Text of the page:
The electric circuit of the valve controller 26 will now be described.

As illustrated in FIG. 2, the fork position sensor 23 is connected to the controller 26. The fork position sensor 23 is turned off when the fork 21 is raised a predetermined height H0 or higher, and is turned on when the fork 21 located at a position lower than the height H0. The fork position sensor 23 sends a height signal SH to the controller 26. The value of the height signal SH represents the vertical position of the fork 21 relative to the height H0. The pressure sensor 25 detects the weight W of a load on the fork 21. The pressure sensor 25 sends an analog signal SW to the controller 26. The analog signal SW corresponds to the weight W. The controller 26 applies an exciting voltage VP to the solenoid 18 based on the height signal SH, the weight signal SW and the supply voltage VB. The applied exciting voltage VP generates an exciting current PD in the solenoid 18.

As shown in FIG. 1, the controller 26 includes a voltage detector 30, a microcomputer 31 and an intelligent high-side driver 32. The voltage detector 30 includes a resistors 33, 34. The voltage detector 30 detects the voltage VB of the battery 27 and sends a signal Vb, which indicates the detected voltage VB, to the microcomputer 31.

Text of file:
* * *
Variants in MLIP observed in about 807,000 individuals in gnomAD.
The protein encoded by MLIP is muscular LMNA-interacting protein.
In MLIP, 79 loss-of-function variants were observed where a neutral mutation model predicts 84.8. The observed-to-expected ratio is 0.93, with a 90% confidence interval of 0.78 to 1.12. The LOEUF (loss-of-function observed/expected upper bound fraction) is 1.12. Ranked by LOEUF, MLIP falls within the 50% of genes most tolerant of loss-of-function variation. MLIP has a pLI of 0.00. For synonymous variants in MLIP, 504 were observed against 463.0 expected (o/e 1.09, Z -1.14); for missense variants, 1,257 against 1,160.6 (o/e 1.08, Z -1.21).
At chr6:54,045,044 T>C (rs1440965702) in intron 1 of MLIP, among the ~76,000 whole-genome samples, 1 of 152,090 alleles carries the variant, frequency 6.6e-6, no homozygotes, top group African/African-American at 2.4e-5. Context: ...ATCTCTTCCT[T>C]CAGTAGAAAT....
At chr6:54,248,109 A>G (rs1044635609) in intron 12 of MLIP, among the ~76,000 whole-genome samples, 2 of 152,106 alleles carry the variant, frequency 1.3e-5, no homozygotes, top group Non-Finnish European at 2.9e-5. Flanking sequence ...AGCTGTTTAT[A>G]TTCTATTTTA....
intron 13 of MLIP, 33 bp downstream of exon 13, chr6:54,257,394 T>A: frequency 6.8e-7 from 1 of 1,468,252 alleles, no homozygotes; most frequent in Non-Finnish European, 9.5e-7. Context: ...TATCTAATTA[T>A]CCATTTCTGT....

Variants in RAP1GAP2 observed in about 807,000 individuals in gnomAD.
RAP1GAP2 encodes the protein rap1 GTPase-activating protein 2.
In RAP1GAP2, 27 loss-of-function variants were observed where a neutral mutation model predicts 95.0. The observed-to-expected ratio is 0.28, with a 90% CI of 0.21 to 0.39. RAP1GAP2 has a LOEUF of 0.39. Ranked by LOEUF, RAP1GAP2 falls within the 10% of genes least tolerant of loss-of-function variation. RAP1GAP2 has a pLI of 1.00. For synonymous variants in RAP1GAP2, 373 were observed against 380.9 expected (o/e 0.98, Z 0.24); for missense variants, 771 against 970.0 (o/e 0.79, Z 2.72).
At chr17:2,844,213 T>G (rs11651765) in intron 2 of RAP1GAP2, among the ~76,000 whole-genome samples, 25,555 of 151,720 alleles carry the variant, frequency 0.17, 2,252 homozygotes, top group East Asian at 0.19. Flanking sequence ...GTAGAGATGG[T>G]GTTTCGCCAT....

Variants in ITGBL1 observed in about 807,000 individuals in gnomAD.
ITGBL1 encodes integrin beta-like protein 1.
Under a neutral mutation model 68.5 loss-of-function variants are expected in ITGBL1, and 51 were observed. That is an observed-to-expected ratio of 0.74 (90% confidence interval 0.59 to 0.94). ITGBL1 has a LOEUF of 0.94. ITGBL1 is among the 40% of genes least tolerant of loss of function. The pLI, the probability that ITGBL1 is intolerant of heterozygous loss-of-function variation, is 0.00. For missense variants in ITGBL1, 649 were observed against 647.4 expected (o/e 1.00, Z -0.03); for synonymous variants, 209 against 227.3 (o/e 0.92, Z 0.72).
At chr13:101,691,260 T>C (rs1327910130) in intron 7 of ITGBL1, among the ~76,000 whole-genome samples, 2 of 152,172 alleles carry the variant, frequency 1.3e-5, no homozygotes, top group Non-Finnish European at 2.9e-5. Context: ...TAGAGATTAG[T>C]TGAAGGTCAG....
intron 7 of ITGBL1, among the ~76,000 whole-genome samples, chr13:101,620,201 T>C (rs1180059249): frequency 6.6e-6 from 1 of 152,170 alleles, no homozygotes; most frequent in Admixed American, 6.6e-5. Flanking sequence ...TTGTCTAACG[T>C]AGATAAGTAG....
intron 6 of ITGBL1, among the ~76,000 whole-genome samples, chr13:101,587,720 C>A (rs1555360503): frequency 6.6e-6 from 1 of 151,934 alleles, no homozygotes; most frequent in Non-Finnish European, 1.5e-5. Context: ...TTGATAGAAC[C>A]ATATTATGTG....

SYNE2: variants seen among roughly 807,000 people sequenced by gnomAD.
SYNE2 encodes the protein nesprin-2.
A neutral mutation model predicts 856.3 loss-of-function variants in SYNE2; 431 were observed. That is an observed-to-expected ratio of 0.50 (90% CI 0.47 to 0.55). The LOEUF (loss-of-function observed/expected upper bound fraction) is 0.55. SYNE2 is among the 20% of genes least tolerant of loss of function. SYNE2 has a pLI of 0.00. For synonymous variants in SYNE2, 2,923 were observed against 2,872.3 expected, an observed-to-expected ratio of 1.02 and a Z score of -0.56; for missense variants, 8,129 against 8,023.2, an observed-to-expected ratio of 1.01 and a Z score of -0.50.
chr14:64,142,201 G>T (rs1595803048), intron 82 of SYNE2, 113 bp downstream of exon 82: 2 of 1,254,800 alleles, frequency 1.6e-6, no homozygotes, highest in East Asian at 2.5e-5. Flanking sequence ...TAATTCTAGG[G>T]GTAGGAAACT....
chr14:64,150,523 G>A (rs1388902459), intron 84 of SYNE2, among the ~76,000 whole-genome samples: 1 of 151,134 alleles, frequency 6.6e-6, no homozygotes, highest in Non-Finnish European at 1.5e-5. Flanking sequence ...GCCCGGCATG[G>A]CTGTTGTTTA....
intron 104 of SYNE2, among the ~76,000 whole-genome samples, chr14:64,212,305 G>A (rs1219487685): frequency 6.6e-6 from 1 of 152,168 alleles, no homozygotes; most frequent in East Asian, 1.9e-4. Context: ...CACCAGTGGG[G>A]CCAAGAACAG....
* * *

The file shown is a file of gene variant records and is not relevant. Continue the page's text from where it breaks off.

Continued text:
The microcomputer 31 includes a central processing unit (CPU) 31 a, analog-to-digital (A/D) converters 35, 36, input interfaces 37, 38 and a pulse width modulation (PWM) circuit 39. The voltage signal Vb is input to the CPU 31 a by way of the A/D converter 35. The height signal SH is input to the CPU 31 a via the input interface 37. The weight signal SW is input to the CPU 31 a via the A/D converter 36.

The CPU 31 a generates a command signal SD based on the weight signal SW, the height signal SH and the voltage signal Vb at predetermined time intervals based, for example, on a frequency of three kHz. The PWM circuit 39 generates a pulse width modulation (PWM) signal PS based on the command signal SD and sends the PWM signal PS to the high-side driver 32. The PWM signal PS is a pulse signal that changes between a high voltage and a low voltage. The duty ratio of the pulse signal PS is D%.

The high-side driver 32 prevents the solenoid 18 from receiving overvoltage from the battery 27. The high-side driver 32 is preferably a conventional semiconductor chip (for example VN06 produced by SGS Thomson). The high-side driver 32 has an input terminal IN, a power supply terminal VCC, an output terminal OUT and a diagnostic terminal DIAG. The power supply terminal VCC receives the supply voltage VB (for example twelve volts), which is ultimately applied to the solenoid 18. The input terminal IN receives the PWM signal PS. The output terminal OUT is connected to the solenoid 18 and a flywheel diode 40.